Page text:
Physicochemical property evaluation of vaccine construct
Physiochemical attributes of V1 and V2 constructs have been evaluated. V1 and V2 belong to the molecular weight of 27,611.20 and 21,730.75, respectively. The immunogenicity was found for V1 and V2 as 3.87883 and 1.90516, respectively. Our results also show that the instability index for V1 and V2 constructs is respectively 30.24 and 38.12 that denotes they are stable. Other physiochemical entities have been tabulated in Table 5. The formulated vaccine showed positive physicochemical properties, strong immunogenic and antigenic, and negative toxic and allergenic effects on the human body.
Binding affinity of the vaccine-receptor complex
The molecular docking evaluation study showed the binding efficacy of vaccine structures to their corresponding receptor. The different poses of the dock score are shown in Supplementary Table S5, and the docked complex was selected based on the center, low energy score, and cluster members. The TLR-4 complex (TLR4-V1) showed a binding score of − 1001.4 at the center while the lowest energy was found as − 1166.3. The TLR-3 complex (TLR3-V2) showed a binding score of − 1089 at the center while the lowest energy was found as − 1258.7. The TLR-8 complex (TLR8-V2) showed a binding score of − 1106.2 at the center while the lowest energy was found as − 1342.5. The results have been tabulated in Table 6. These vaccine complexes showed good binding affinity and strong interaction.
Interaction analysis of V1 and V2 complexes
The TLR-4 complex (TLR4-V1) formed 20 hydrogen bonds between receptor and vaccine at Glu485:Arg173, His299:Trp259, His426:Ala218/Pro219, Tyr451:Ser217/Leu216, and Lys477:Leu216/Ser 217/Ala215, etc. The complete results of HB formation are presented in Supplementary Table S6. Additionally, the interaction of TLR3-vaccine complex (TLR3-V2) formed 28 hydrogen bonds at various amino acid sites between receptor and vaccine such as Asp81:Tyr98, Glu110:Arg112, Ser132:114Ser, and His156: Ser113, etc. (S7). Interestingly, 49 HB were found such as Arg541:Pro163/Glu167/Gly164, Tyr567:Glu167, Lys699/Glu88/Tyr86, and Gln55:Lys50, etc., in the case of TLR8-vaccine complex (TLR8-V2) presented in S8. The V2 vaccine interacted with the 92AA and 198AA residues of the TLR3/TLR8 receptor, and this result was visualized (Fig. 3A, B). Additionally, the V1 vaccine interacted with the 68AA residues of the TLR4 human receptor, and this result was illustrated in Fig. 3D. V2 shows the highest AA interaction and hydrogen bond with the TLR8 receptor; however, V2-TLR3 and V1-TLR4 show good interaction and hydrogen bond (Fig. 3 and Table S6-S8).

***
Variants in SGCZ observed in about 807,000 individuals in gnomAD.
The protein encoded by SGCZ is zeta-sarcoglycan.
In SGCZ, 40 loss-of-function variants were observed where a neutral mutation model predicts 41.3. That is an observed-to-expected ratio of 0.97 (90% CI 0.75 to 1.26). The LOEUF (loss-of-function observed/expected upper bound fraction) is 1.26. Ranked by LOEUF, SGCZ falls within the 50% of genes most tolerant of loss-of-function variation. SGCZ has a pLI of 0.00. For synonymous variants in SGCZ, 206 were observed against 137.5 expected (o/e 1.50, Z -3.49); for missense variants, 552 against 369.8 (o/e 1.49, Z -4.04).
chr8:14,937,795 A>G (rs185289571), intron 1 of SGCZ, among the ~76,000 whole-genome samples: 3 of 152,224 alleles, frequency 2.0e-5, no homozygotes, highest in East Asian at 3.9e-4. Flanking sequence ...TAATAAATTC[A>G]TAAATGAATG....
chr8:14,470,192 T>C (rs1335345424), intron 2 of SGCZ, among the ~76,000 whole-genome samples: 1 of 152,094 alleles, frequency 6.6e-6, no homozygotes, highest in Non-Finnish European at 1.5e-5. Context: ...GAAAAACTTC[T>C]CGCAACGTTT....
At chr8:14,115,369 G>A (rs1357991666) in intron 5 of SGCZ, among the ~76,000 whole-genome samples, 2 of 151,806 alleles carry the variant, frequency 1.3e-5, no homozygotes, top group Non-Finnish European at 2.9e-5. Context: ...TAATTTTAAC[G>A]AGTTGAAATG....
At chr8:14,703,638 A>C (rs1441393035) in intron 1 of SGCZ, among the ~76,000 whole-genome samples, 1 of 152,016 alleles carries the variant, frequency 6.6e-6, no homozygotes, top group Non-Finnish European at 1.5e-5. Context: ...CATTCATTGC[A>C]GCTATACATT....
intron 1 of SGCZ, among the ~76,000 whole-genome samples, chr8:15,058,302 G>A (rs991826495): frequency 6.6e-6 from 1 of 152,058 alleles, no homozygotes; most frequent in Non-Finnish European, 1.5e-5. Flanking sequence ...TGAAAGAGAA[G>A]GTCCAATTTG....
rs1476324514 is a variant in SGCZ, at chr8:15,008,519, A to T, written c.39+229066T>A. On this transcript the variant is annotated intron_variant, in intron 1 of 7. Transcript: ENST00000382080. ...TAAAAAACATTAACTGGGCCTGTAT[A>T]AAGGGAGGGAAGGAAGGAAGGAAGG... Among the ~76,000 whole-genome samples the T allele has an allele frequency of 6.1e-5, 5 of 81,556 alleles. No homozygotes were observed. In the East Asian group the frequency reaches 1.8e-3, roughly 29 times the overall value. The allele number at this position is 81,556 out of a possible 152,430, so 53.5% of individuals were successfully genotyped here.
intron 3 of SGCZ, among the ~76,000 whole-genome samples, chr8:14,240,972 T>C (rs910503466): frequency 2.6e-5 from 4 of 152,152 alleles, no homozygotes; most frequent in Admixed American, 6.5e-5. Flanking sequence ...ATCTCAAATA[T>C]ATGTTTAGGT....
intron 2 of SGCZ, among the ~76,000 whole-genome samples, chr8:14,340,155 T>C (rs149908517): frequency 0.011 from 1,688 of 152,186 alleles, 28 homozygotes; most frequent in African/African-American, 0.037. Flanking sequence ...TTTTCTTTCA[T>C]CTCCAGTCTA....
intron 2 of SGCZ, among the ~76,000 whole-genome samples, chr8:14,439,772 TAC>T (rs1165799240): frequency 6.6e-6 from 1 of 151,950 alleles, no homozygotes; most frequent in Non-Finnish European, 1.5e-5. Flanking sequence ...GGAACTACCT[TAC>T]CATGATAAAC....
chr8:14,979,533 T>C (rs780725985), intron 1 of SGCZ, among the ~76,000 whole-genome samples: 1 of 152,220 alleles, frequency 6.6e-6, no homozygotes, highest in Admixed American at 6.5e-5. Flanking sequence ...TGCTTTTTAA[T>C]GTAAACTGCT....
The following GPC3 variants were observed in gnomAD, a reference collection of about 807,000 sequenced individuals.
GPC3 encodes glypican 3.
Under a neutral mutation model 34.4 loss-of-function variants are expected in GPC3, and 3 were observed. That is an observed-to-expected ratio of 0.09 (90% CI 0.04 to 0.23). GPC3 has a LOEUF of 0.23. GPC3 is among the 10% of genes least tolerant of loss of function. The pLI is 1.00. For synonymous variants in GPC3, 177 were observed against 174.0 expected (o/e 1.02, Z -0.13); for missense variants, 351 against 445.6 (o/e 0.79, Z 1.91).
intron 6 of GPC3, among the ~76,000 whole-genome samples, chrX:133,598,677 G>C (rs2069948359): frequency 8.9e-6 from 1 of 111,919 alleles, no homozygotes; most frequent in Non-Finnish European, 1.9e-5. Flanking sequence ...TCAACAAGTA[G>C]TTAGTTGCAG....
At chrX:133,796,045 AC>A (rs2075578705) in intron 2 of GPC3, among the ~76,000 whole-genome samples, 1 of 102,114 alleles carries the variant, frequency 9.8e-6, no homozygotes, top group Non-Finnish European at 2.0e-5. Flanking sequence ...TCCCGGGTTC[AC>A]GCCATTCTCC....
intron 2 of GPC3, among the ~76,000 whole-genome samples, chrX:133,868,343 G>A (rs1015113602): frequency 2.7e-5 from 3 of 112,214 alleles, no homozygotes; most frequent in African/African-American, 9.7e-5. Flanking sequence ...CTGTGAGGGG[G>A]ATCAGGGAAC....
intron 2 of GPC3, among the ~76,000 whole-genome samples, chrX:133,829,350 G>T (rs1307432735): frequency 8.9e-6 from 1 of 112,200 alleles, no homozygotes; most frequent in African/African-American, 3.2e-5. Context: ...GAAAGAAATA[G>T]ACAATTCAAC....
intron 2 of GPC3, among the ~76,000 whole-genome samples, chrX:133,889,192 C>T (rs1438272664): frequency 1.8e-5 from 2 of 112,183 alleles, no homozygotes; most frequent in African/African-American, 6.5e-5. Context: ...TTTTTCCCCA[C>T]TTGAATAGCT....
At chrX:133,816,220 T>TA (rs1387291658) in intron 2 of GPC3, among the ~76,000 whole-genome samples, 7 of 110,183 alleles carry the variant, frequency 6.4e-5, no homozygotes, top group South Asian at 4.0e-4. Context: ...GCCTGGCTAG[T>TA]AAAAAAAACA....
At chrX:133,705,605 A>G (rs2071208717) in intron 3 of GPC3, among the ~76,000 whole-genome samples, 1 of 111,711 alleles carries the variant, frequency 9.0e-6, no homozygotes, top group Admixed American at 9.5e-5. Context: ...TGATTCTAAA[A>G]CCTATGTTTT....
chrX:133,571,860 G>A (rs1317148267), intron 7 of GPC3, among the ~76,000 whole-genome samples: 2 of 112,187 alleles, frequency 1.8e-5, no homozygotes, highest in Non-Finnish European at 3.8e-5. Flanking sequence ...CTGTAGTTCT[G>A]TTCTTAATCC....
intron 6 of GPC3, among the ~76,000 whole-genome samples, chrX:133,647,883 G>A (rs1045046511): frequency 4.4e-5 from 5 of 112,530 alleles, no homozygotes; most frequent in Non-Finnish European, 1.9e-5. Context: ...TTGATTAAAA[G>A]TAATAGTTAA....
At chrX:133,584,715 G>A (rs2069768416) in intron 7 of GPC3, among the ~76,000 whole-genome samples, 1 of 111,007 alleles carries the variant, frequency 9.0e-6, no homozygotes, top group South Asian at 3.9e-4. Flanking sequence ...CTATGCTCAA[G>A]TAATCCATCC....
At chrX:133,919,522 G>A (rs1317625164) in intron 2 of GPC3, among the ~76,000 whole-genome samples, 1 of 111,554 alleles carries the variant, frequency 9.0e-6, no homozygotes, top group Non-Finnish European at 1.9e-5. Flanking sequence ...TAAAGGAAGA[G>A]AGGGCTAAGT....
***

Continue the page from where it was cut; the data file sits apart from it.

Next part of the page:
Assessment of biophysical properties by MD simulation
To evaluate the vaccine and vaccine-receptor complex’s stability, flexibility, compactness, and energy level, 100-ns simulations were executed. Furthermore, the RMSD of alpha-carbon, RMSF, H-bond, and superimposition was analyzed.
The root mean square deviation (RMSD) value is used to compute the mean variation in dislocation of a selection of atoms for a particular frame of protein of protein–protein complex to a reference frame. In the graph, V1 showed more RMSD value and fluctuation compared to the other vaccine V2 (Fig. 4). At 28 ns, the RMSD value of V1 increased to 24 Å from 17 Å, and the rest of the simulation time, its RMSD value remained around 24 Å. On the other hand, V2 shows slight fluctuation till 20 ns, and it was stabilized until the end of the simulation. Among three vaccines (V1, V2)-receptor (TLR3, TLR4, TLR8) complexes, the TLR8-V2 complex has shown the lowest RMSD with an average RMSD value of 5.24 Å and RMSD value confined in the 7.485–1.133 Å range. However, the other two complexes (TLR4-VI, TLR3-V2) have shown an average value of RMSD 10.24 Å and 9.76 Å, respectively. Although TLR4-VI and TLR3-V2 showed greater RMSD compared to the TLR8-V2 complex, they have shown a little amount of fluctuation. From 0 to 16 ns, TLR3-V2 RMSD was increasing but the rest of the simulation time was stable, and TLR4-V1 had almost the same pattern though TLR4-V1 had shown a little bit more fluctuation than TLR3-V2 (Fig. 4).
The root-mean-square fluctuation (RMSF) is calculated to examine the change of structural flexibility of a protein in a specific amino acid residue. In the graph, the V1 and V2 RMSF value was plotted, and it showed that V2 has less RMSF value than V1 (Fig. 5A). In contrast, TLR8-V2 has shown the lowest RMSF value between two other (TLR4-V1, TLR3-V2) complexes, which may indicate the constant binding interaction among receptor-ligand complex (Fig. 5B). Consequently, more fluctuated regions in the graph signify that degree of flexibility increased in the receptor and vaccine complexes (Fig. 5).